X10i vs. Etymotic Research hf2 Headset ($179)
• The X10i very narrowly edges out the Etymotic headset in terms of overall clarity and focus, and offers a somewhat warmer, richer, more full-bodied sound (attributable in part to Klipsch’s superior elliptical eartips).
• Both the Klipsch and Etymotic models proved more effective as headset (their remote control functions are essentially identical), but I think the Klipsch’s thanks centrally positioned, 360-degree mic seems to work a touch better than the Etymotic’s side-positioned mic.
• The Etymotic comes with a good mix of types of eartips, while the Klipsch comes only with three differently sized set of elliptical tips. But that said, I found the Klipsch eartips were substantially more comfortable and much easier to fit (the Etymotic hf2's can also achieve very good sound, but they are tricky to fit properly).
• The Etymotic headset ($179) costs significantly less than the X10i.
X10i vs. Monster Cable Turbine Pro Copper Edition ($399)
• The Turbine Pro Copper headphones offer, in a strict textbook sense, even more perfectly neutral tonal balance than the X10i does, with—at the limits—even greater extension at both frequency extremes. More importantly, though, the Turbine Pro Copper raises the bar for detail, resolution, and coherency, making the X10i sound slightly softly focused by comparison.
• The X10i provides headset functionality whereas the Turbine Pro Copper Edition does not.
• The Image X10i provides Klipsch’s patent-pending oval eartips, while the Turbine Pro Copper comes with a broad variety of types of eartips, including five different sizes of Monster’s new double-layer gel-type SuperTips. I would give the Klipsch eartips the nod for comfort and ease of insertion, but would recommend Monster’s SuperTips for their superior overall sound and isolation properties (but note, the SuperTips do tend to feel a bit stiff, which some listeners may find uncomfortable).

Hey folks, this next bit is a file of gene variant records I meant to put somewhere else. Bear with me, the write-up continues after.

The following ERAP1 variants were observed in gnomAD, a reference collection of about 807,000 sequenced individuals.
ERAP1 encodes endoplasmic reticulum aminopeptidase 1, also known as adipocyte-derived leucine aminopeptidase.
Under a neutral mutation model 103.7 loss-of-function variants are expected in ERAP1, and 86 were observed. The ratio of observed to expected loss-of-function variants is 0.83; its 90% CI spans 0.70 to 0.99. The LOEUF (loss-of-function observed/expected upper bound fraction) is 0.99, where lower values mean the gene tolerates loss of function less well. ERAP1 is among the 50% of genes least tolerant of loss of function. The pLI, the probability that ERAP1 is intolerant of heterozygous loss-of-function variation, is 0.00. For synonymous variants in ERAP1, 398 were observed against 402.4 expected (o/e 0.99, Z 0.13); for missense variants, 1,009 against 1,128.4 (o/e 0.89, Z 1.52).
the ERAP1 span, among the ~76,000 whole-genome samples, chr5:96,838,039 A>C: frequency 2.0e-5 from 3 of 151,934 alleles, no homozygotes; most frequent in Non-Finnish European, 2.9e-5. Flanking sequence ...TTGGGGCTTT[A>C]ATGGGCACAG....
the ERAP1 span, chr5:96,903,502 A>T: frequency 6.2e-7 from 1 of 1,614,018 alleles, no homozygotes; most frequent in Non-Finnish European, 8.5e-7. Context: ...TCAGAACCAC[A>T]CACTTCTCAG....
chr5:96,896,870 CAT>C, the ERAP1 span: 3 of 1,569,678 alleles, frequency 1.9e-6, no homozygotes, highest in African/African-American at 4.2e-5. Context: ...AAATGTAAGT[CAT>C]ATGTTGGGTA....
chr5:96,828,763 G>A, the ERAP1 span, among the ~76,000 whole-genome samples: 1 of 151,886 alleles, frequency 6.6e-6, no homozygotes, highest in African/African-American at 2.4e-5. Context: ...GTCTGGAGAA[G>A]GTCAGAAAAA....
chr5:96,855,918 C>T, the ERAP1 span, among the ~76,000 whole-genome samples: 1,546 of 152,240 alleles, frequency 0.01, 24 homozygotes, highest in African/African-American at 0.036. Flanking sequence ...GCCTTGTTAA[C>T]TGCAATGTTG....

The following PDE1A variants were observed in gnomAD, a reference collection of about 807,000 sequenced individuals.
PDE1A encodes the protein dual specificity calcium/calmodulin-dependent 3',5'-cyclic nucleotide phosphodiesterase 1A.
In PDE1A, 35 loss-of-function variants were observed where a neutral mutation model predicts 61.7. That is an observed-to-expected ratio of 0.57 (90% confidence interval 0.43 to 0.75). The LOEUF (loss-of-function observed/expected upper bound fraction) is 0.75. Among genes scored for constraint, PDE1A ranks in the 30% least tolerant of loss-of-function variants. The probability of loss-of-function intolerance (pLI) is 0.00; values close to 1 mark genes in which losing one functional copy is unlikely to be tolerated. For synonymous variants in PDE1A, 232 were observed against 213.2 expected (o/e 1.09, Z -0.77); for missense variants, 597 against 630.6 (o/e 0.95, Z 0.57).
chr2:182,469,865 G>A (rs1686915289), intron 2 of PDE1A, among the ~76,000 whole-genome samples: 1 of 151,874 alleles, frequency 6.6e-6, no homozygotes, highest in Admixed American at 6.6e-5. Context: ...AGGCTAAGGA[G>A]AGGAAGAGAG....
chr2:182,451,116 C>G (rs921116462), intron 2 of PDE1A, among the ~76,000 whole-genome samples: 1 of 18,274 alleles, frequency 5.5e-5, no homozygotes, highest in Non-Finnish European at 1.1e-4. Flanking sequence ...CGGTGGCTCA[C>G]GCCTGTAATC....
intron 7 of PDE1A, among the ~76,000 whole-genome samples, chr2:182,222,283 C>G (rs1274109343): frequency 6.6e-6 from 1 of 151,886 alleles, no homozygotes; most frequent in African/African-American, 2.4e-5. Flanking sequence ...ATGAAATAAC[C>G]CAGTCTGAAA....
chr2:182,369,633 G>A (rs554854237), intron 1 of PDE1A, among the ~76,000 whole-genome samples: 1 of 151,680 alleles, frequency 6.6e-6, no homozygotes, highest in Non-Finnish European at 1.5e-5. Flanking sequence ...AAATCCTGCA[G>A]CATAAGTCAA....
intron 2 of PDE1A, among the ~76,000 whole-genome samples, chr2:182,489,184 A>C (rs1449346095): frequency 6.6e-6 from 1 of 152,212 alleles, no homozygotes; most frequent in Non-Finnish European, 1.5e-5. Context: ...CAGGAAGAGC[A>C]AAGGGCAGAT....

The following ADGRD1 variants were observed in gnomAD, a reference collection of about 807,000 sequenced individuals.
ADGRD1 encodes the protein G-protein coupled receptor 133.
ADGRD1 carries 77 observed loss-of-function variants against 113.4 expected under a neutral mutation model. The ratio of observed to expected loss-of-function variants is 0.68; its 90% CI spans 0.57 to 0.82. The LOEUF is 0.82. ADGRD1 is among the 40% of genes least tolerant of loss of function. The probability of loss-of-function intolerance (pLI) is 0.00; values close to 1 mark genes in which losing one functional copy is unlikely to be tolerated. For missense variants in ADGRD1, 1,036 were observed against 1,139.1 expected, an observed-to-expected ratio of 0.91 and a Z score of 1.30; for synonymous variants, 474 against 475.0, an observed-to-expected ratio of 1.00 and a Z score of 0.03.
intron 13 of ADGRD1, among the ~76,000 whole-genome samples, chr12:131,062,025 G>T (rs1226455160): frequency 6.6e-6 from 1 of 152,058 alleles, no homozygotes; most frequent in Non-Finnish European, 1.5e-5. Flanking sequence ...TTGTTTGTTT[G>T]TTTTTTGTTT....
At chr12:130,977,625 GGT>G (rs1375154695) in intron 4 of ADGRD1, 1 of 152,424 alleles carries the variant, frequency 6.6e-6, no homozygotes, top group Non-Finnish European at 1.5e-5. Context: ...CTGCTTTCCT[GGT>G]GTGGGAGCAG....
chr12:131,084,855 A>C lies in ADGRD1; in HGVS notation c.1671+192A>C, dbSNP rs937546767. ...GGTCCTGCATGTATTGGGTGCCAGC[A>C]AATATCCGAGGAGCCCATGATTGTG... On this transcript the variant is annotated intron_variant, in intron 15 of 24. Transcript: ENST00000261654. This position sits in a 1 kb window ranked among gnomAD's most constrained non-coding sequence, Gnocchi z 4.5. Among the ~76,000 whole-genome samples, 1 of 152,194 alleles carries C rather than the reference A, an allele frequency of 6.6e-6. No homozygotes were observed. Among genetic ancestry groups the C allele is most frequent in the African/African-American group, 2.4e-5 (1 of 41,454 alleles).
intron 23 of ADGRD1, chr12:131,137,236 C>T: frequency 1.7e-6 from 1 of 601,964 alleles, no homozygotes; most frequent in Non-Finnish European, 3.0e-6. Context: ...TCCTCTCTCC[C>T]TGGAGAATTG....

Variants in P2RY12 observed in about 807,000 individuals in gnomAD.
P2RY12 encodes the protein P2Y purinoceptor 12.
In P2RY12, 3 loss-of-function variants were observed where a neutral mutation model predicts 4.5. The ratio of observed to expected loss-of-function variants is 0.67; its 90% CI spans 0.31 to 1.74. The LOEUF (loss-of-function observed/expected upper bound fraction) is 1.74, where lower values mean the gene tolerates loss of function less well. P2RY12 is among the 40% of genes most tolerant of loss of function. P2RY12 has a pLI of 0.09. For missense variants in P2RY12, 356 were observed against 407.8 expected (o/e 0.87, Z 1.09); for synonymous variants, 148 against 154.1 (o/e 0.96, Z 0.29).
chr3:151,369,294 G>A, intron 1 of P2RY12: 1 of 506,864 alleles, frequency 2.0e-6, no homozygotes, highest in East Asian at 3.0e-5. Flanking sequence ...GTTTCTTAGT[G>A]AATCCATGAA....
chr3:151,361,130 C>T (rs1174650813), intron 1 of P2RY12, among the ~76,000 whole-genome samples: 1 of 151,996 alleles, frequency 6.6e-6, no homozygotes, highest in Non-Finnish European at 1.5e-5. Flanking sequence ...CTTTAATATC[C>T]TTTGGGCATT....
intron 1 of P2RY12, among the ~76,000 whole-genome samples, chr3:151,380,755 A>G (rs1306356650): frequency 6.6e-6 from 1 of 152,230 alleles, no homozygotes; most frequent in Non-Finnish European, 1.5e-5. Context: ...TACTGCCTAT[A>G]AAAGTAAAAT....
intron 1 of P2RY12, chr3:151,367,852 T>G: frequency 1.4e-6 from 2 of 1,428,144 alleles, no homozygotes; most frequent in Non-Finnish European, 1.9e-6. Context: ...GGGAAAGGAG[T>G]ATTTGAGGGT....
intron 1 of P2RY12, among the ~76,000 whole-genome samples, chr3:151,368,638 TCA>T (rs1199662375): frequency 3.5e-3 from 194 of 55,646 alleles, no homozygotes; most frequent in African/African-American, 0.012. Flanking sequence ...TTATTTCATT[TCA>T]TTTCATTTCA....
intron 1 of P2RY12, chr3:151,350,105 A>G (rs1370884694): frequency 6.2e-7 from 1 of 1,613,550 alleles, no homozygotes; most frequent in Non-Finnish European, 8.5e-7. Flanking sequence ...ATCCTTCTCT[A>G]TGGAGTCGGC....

•Monster’s Turbine Pro Copper Editions ($399) are slightly more expensive than the X10i.
The X10i come with three sets (S, M, L) of single-flange oval eartips, a pair (S/M) of double-flange oval eartips, a clothing clip, a cleaning tool, an airline adapter, and mini-jack-to-phone-jack adapter, and a magnetic clasp-equipped leather carrying pouch.
Klipsch’s oval eartips are the most comfortable Playback has ever tested. Guest listeners often commented that the Klipsch’s were night/day different from and better than competing in-ear headphones in terms of ease of insertion and long-term comfort.
One thing I did notice is that the shape of Klipsch’s oval eartip design appears to have changed just a bit relative to the original 2007 version (the earlier models were slightly shallower but also more widely flared than the 2010 versions). Personally, I found the original 2007 shape gave a slightly better in-ear seal, though the 2010 design gives an even more “weightless” feel in the ear canal. Even so, I’d like to see Klipsch bring back the more widely flared shape because it made for superior noise isolation and better bass.
The Image X10i is a true flagship-class in-ear headphone that is incredibly small and comfortable, yet that offers a big, full-bodied sound with very good levels of detail and sonic purity. While some of today’s top in-ear models may narrowly edge the X10i in terms of absolute sonic performance, few can match its all around mix of convenience, comfort, versatility and sound quality. The X10i also makes a fine headset/remote control for owners of contemporary iPhones and iPods.
Klipsch X10i headset/in-ear headphone
Frequency response: 5Hz – 19kHz
Weight: 10.5 grams
Sensitivity: 110 dB SPL/mW
Impedance: 50 ohms
Warranty: Two years, parts and labor
KLIPSCH GROUP, INC.